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In this paper we investigate logical metonymy, i.e., constructions where the argument of a word in syntax appears to be different from that argument in logical form (e.g., enjoy the book means enjoy reading the book, and easy problem means a problem that is easy to solve). The systematic variation in the interpretation of such constructions suggests a rich(More)
This paper examines the extent to which verb diathesis alternations are empirically attested in corpus data. We automatically acquire alternating verbs from large balanced corpora by using partial-parsing methods and taxonomic information, and discuss how corpus data can be used to quantify linguistic generalizations. We estimate the productivity of an(More)
In this paper we investigate polysemous adjectives whose meaning varies depending on the nouns they modify (e.g., fast). We acquire the meanings of these adjectives from a large corpus and propose a probabilistic model which provides a ranking on the set of possible interpretations. We identify lexical semantic information automatically by exploiting the(More)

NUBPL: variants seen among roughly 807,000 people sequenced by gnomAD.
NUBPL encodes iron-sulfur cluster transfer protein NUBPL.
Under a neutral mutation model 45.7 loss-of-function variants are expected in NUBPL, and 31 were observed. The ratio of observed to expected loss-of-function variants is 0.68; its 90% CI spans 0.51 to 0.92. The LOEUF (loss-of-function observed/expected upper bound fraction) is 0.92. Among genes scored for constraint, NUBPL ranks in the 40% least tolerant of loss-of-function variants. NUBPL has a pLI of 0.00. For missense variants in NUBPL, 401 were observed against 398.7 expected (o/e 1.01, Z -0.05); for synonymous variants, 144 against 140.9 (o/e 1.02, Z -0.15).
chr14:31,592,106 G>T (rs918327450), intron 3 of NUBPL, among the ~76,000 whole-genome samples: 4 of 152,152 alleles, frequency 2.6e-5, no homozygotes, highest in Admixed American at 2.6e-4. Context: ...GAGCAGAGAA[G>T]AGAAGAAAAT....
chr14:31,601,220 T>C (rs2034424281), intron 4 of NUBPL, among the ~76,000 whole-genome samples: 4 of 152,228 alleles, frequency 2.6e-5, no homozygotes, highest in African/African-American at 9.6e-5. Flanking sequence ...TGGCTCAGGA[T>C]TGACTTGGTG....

This paper addresses the interpretation of nominalisations, a particular class of compound nouns whose head noun is derived from a verb and whose modifier is interpreted as an argument of this verb. Any attempt to automatically interpret nominalisations needs to take into account: (a) the selectional constraints imposed by the nominalised compound head, (b)(More)
There is considerable evidence showing that the human sentence processor is guided by lexical preferences in resolving syntactic ambiguities. Several types of preferences have been identified, including morphological, syntactic, and semantic ones. However, the literature fails to provide a uniform account of what lexical preferences are and how they should(More)
Previous research has shown that the plausibility of an adjective-noun combination is correlated with its corpus co-occurrence frequency. In this paper, we estimate the co-occurrence frequencies of adjective-noun pairs that fail to occur in a 100 million word corpus using smoothing techniques and compare them to human plausibility ratings. Both class-based(More)